[I-D.ietf-behave-nat-behavior-discovery]. if the unicast session's lifetime is likely to exceed the NAT's
timeout value.
3.3. Message Flows 4. The portmapping-req Attribute
Figure 3 shows the message flows, where each message is appended with This new SDP attribute is used declaratively to indicate the port for
the (Source Address, Source Port, Destination Address, Destination obtaining a Token. Its presence indicates that a Token MUST be
Port) information. The optional messages are indicated in included in the feedback messages sent to the server triggering or
parentheses and they may or may not be present in certain scenarios. controlling a unicast session.
------------ ---------------- ------ The formal description of the 'portmapping-req' attribute is defined
|Distribution| | Retransmission | | | by the following ABNF [RFC5234] syntax:
| Source | | Server | |Client|
| (DS) | | (S) | | (C) |
------------ ---------------- ------
| | - |
| | | | |
(DS,*,G,P1)|--->|------- (RTP Multicast) -------->| |-->|
(DS,*,G,P2)|.-.>|.-.-.-. (RTCP Multicast) -.-.-.->| |-->|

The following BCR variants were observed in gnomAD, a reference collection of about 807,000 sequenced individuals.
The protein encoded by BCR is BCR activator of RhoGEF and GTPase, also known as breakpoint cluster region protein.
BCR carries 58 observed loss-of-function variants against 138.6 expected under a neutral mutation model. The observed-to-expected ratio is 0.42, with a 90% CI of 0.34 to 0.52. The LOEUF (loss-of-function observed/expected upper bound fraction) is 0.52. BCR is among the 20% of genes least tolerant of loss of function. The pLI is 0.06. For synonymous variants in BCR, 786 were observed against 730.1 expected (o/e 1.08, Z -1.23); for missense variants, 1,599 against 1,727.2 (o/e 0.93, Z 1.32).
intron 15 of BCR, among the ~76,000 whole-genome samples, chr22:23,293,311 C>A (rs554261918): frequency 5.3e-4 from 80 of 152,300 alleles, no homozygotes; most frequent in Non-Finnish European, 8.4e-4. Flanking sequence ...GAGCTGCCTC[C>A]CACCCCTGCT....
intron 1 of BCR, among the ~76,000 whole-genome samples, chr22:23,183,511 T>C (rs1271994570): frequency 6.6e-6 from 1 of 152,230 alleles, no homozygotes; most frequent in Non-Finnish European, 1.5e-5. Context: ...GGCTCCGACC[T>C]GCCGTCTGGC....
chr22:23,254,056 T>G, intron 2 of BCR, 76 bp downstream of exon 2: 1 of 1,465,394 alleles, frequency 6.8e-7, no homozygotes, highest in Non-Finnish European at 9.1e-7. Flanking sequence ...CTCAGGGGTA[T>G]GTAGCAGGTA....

| | | |
| | | |
|<=.= (RTCP Receiver Reports) .=.=| |<..|(C,c1,S,P3)
| (for the multicast session) | | |
: | | :
: | | :
: | | :
: | | :
|<~~~~~ PortMappingRequest ~~~~~~~| |<~~|(C,c2,S,P4)
| |N| |
(S,P4,C',c2')|~~~~~~ PortMappingResponse ~~~~~>|A|~~>|
| (Cookie) |T| |
| | | |
|<~~~~ RTCP NACK with Cookie ~~~~~| |<~~|(C,c1,S,P3)
| | | |
|*********************************|*|***|
|* UNICAST SESSION ESTABLISHED | | *|
|*********************************|*|***|
| | | |
(S,P4,C',c2')|...... RTP Retransmissions .....>| |..>|
| | | |
| | | |
|<=.=. RTCP Receiver Reports =.=.=| |<..|(C,c2,S,P4)
| (for the unicast session) | | |
| | | |
(S,P4,C',c2')|=.=.=. RTCP Sender Reports =.=.=>| |..>|
| (for the unicast session) | | |
| | | |
-
-------> Multicast RTP Flow portmapping-req-attribute = "a=portmapping-req:" port CRLF
.-.-.-.> Multicast RTCP Flow
.=.=.=.> Unicast RTCP Reports
~~~~~~~> Unicast RTCP Feedback Messages
.......> Unicast RTP Flow
Figure 3: Message flows for establishing a unicast session Here, 'port' is defined as specified in Section 9 of [RFC4566]. The
'portmapping-req' attribute is used as a session-level or media-level
attribute.
In the example above, the compound RTCP packet carrying the NACK 5. Message Formats
message also carries the Cookie since the server must know which port
the client is expecting to receive the RTP retransmission packet(s)
and RTCP sender reports on. If an RTCP message from the client will
not trigger any transmission from the server (e.g., RTCP receiver and
extended reports), it does not have to include the Cookie.